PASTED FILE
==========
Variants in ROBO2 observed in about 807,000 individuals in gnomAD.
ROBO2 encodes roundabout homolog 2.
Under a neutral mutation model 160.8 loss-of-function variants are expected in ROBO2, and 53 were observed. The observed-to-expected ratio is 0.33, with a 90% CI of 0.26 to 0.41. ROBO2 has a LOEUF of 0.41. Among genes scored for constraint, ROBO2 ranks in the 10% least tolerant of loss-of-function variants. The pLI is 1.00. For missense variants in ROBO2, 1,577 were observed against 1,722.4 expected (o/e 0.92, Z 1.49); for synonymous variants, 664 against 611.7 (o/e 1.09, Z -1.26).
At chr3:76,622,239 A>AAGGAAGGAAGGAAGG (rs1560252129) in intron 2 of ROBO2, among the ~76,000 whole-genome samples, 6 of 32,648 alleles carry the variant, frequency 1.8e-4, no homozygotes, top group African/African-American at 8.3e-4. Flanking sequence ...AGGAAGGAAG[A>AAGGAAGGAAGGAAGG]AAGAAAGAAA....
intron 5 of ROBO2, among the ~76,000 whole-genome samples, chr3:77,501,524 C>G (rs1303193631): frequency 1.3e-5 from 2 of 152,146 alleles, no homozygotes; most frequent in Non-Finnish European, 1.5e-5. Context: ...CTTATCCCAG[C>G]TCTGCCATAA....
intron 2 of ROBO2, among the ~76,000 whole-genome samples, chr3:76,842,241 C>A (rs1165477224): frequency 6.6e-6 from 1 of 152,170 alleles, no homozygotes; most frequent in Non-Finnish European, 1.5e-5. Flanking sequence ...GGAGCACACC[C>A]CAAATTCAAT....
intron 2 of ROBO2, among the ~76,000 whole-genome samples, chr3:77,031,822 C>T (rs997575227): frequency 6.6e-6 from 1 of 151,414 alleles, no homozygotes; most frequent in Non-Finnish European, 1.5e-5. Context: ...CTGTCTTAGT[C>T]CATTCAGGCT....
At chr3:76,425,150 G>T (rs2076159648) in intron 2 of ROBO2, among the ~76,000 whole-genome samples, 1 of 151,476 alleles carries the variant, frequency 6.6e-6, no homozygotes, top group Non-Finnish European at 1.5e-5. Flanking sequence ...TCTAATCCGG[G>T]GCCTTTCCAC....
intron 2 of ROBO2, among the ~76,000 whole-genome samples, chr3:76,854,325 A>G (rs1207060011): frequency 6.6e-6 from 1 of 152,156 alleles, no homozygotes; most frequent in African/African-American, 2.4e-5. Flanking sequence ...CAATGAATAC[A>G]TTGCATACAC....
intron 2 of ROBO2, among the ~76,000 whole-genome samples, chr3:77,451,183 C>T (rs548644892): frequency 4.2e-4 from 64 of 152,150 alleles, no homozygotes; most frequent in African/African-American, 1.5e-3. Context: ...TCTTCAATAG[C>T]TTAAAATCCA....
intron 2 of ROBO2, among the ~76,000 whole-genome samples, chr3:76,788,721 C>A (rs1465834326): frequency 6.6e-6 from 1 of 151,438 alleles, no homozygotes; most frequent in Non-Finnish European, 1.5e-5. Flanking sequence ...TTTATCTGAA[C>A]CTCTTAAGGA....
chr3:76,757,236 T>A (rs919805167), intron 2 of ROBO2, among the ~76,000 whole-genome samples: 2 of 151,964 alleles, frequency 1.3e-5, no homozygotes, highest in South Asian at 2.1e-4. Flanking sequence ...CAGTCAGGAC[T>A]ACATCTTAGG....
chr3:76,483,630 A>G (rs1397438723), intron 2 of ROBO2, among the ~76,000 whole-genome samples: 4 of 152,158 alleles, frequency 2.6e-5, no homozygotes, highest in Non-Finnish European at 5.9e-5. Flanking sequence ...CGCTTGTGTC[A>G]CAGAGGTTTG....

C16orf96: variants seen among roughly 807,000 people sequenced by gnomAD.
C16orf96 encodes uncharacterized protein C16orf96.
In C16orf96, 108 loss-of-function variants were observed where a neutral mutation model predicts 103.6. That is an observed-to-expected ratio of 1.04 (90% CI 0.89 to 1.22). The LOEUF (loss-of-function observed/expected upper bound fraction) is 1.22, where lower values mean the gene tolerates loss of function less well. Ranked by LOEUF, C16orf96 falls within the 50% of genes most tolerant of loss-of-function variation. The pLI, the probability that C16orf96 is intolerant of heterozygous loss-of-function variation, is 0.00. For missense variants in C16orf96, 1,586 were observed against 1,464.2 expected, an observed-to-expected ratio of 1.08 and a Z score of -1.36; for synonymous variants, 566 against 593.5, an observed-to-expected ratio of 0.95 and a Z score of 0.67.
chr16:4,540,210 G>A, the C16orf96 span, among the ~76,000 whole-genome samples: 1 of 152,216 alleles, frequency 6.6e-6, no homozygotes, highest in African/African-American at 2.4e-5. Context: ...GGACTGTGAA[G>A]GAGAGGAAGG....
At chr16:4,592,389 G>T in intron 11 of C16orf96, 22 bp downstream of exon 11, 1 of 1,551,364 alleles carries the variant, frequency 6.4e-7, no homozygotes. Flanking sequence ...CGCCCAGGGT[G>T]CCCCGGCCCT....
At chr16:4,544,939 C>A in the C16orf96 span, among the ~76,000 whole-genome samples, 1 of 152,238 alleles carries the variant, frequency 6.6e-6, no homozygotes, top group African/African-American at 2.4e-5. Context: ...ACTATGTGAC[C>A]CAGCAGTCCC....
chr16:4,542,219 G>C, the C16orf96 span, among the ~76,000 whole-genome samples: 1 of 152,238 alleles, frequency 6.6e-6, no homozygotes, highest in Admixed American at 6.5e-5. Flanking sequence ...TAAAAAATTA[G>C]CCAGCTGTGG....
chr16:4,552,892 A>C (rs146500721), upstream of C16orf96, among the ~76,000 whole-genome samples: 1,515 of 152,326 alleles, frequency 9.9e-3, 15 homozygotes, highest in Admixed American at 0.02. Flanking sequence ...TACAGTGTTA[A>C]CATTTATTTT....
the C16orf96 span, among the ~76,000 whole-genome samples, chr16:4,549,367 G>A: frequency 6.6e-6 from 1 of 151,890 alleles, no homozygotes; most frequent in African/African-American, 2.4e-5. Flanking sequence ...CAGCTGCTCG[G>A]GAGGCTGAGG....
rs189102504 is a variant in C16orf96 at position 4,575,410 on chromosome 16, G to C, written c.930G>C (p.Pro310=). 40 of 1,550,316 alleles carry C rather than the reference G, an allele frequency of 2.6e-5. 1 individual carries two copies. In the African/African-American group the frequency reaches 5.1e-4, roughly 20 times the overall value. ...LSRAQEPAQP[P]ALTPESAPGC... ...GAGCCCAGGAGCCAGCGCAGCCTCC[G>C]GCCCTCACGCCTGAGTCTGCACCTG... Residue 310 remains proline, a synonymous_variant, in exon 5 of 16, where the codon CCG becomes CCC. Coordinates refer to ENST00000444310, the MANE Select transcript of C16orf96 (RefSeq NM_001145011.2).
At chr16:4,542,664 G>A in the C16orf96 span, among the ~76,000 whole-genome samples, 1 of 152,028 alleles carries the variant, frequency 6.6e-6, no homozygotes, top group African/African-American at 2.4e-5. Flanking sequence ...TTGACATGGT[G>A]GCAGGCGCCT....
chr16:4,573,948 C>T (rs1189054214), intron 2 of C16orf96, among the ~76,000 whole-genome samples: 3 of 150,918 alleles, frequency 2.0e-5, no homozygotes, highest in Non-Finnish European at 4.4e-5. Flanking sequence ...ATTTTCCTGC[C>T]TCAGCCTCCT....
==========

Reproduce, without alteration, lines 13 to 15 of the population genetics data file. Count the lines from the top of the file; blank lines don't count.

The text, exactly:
chr3:76,483,630 A>G (rs1397438723), intron 2 of ROBO2, among the ~76,000 whole-genome samples: 4 of 152,158 alleles, frequency 2.6e-5, no homozygotes, highest in Non-Finnish European at 5.9e-5. Flanking sequence ...CGCTTGTGTC[A>G]CAGAGGTTTG....

C16orf96: variants seen among roughly 807,000 people sequenced by gnomAD.
C16orf96 encodes uncharacterized protein C16orf96.